Mountain America Jerky

deer fall Mountain America Jerky

Taking down a big buck this hunting season means one thing: it’s time for some delicious venison jerky. While deer meat makes for great steaks and stews, making deer jerky can be a better alternative to freezing all of your extra venison meat this season.

Whether you prefer oven-dried, dehydrated or hickory-smoked deer jerky, you’ll need the larger cuts of deer meat to dry, dehydrate or smoke.

Using the Whole Deer

It takes a lot of patience, determination and hard work to take down a buck —meaning you’ve earned every scrap of deer meat you can break down off your kill.

While the neck can be difficult to butcher, it’s possible to make a tender neck roast. The front shoulders provide a lot of ground meat, which is great for burgers, meatballs and sausages, and the shanks can be delicious if cooked properly. The rib meat can also be ground down or cooked on the rack, and the organs provide tons of unique flavor and nutrition.

Now, to the main event: hindquarter meat perfect for making jerky.

Bottom Round

Extremely lean yet flavorful, the bottom round is a great cut for deer jerky.

Top Round

The top round is a huge cut of meat, perfect to use for both steaks and jerky.

Eye of Round

Wedged between the top and bottom rounds, this tenderloin cut is very lean. While small, the eye of round lends itself well to chewy venison jerky.


Typically associated as a cut only used for steaks, this lean roast on the back of the leg makes some of the most flavorful deer jerky.

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Three Ways to Make Deer Jerky

The following are the three best ways to make deer jerky. If oven-drying, dehydrating or smoking isn’t in your wheelhouse or if your hunting season was unsuccessful, we understand the struggle. Find out how you can get venison jerky all year long without all the effort of making it yourself.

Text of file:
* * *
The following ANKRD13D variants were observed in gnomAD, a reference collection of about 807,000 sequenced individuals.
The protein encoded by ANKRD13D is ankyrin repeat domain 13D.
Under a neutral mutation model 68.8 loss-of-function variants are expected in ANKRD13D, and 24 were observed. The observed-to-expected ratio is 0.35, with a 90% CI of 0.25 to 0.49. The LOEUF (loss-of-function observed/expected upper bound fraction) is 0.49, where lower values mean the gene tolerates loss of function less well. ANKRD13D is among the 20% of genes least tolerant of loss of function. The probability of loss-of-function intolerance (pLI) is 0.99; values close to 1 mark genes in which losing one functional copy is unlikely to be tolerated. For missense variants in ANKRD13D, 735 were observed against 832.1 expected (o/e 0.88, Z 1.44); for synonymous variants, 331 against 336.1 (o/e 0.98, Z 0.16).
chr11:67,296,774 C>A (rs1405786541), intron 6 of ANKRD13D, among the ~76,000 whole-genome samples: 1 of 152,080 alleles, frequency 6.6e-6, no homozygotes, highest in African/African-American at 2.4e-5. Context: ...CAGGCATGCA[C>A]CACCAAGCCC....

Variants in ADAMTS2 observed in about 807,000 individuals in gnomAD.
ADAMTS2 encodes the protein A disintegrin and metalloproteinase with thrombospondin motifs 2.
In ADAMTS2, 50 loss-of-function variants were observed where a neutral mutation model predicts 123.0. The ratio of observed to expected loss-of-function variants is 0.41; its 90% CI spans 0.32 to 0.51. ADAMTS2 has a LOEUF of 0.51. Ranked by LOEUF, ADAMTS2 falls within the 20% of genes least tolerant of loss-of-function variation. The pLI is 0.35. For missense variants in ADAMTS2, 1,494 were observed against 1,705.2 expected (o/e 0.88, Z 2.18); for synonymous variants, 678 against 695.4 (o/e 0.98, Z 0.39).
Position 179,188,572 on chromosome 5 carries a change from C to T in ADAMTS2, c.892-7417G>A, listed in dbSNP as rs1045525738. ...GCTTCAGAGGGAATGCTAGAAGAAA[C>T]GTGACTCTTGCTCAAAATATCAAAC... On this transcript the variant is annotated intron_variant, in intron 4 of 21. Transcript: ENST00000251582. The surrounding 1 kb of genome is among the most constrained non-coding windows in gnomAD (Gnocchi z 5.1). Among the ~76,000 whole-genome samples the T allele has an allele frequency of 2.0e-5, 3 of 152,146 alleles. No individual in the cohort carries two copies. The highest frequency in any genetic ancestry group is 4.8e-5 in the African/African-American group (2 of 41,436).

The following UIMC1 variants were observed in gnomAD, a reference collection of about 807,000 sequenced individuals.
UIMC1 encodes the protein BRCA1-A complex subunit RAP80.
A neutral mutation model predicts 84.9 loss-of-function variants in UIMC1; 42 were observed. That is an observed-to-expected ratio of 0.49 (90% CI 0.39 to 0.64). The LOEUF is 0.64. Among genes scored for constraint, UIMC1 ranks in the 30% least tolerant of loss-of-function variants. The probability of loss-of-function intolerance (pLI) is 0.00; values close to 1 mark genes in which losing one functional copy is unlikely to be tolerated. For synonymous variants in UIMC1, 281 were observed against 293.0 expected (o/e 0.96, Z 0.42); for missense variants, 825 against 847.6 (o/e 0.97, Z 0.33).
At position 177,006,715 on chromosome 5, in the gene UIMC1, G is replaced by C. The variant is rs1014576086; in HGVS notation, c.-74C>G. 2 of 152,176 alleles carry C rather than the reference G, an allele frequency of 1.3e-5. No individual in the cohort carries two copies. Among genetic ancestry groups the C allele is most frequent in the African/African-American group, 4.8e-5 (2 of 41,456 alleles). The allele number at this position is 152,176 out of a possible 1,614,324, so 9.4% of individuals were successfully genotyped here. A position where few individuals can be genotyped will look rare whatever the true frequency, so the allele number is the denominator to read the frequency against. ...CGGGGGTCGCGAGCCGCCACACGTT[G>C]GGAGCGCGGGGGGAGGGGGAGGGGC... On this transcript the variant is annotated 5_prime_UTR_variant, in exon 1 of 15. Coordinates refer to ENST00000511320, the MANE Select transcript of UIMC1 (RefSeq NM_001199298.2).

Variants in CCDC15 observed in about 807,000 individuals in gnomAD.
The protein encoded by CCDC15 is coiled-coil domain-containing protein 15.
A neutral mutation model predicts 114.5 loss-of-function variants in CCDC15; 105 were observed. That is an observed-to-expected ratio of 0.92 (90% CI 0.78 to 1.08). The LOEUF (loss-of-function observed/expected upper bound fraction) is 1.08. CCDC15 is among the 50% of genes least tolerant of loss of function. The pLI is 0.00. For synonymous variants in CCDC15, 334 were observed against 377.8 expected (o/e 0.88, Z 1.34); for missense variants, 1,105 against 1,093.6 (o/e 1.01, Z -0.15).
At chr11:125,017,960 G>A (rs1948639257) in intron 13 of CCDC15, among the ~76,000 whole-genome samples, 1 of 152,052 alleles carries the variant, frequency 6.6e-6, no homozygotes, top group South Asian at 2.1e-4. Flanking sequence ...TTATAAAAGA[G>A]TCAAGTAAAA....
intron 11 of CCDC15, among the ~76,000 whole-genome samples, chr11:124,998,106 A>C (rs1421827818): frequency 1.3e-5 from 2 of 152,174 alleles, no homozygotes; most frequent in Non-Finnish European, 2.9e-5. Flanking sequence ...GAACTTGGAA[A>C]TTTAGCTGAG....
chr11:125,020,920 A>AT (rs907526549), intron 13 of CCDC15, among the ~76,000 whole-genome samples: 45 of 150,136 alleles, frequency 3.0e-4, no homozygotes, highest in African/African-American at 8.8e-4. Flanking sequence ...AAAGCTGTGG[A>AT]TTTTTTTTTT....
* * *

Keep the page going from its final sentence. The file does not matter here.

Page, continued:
The Jerky Beginner: Oven-Dried Venison Jerky

If you’re just starting out, the oven is the perfect beginner’s tool for making jerky. Line the bottom rack with aluminum foil, heat to 300?F and bake for 10 minutes. Drop the oven temperature to 160?F, prop open the door and cook for 3 to 8 hours, until done.

Set and Forget: Dehydrated Deer Jerky

Most people move on from the oven to the dehydrator. Why? Because it’s the easiest way to make jerky. Turn the dehydrator to 165°F and let it run for about four hours, or until the jerky reaches 160°F.

The Jerky Pro: Smoked Venison Jerky

Whether you like to lay your deer meat on the racks or hang your meat from toothpicks, smoking jerky is the way to go. It infuses the smoke of whatever wood you prefer, bringing out flavors and enhancing marinades.

Smokers vary in shape, size and style, but you can generally get a perfect smoke at 170°F in an hour and a half.

Looking for amazing deer jerky seasoning? We recommend trying out one of these marinades.

Bourbon Deer Jerky Marinade

  • 1 lb top round venison, cut into 1/4” strips
  • 1/4 cup bourbon
  • 2 tsp liquid smoke hickory
  • 1/4 tsp Prague Powder #1 curing salt
  • 1 tsp molasses
  • 2 tbsp brown sugar
  • 1 tsp cracked black pepper
  • 2 tbsp soy sauce
  • 2 tbsp Worcestershire sauce
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Place all the ingredients in a large Ziploc bag to marinate. Refrigerate overnight (at least 8 hours). Recipe credit:

Cidered Venison Jerky Marinade

  • 1 1/2 to 2 pounds venison, cut into strips
  • 1/4 cup apple cider vinegar
  • 1/4 cup Worcestershire sauce
  • 2 tbsp packed light brown sugar
  • 1 tbsp kosher salt (smoked salt will also add another level of flavor)
  • 1 tsp dried garlic powder
  • 1/2 tsp ground black pepper
  • 1/2 to 1 tsp dried mushroom powder

Place all the ingredients in a large Ziploc bag to marinate. Refrigerate overnight (at least 8 hours). Recipe credit:

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Ethan Smith is a seasoned marine veteran, professional blogger, witty and edgy writer, and an avid hunter. He spent a great deal of his childhood years around the Apache-Sitgreaves National Forest in Arizona. Watching active hunters practise their craft initiated him into the world of hunting and rubrics of outdoor life. He also honed his writing skills by sharing his outdoor experiences with fellow schoolmates through their high school’s magazine. Further along the way, the US Marine Corps got wind of his excellent combination of skills and sought to put them into good use by employing him as a combat correspondent. He now shares his income from this prestigious job with his wife and one kid. Read more >>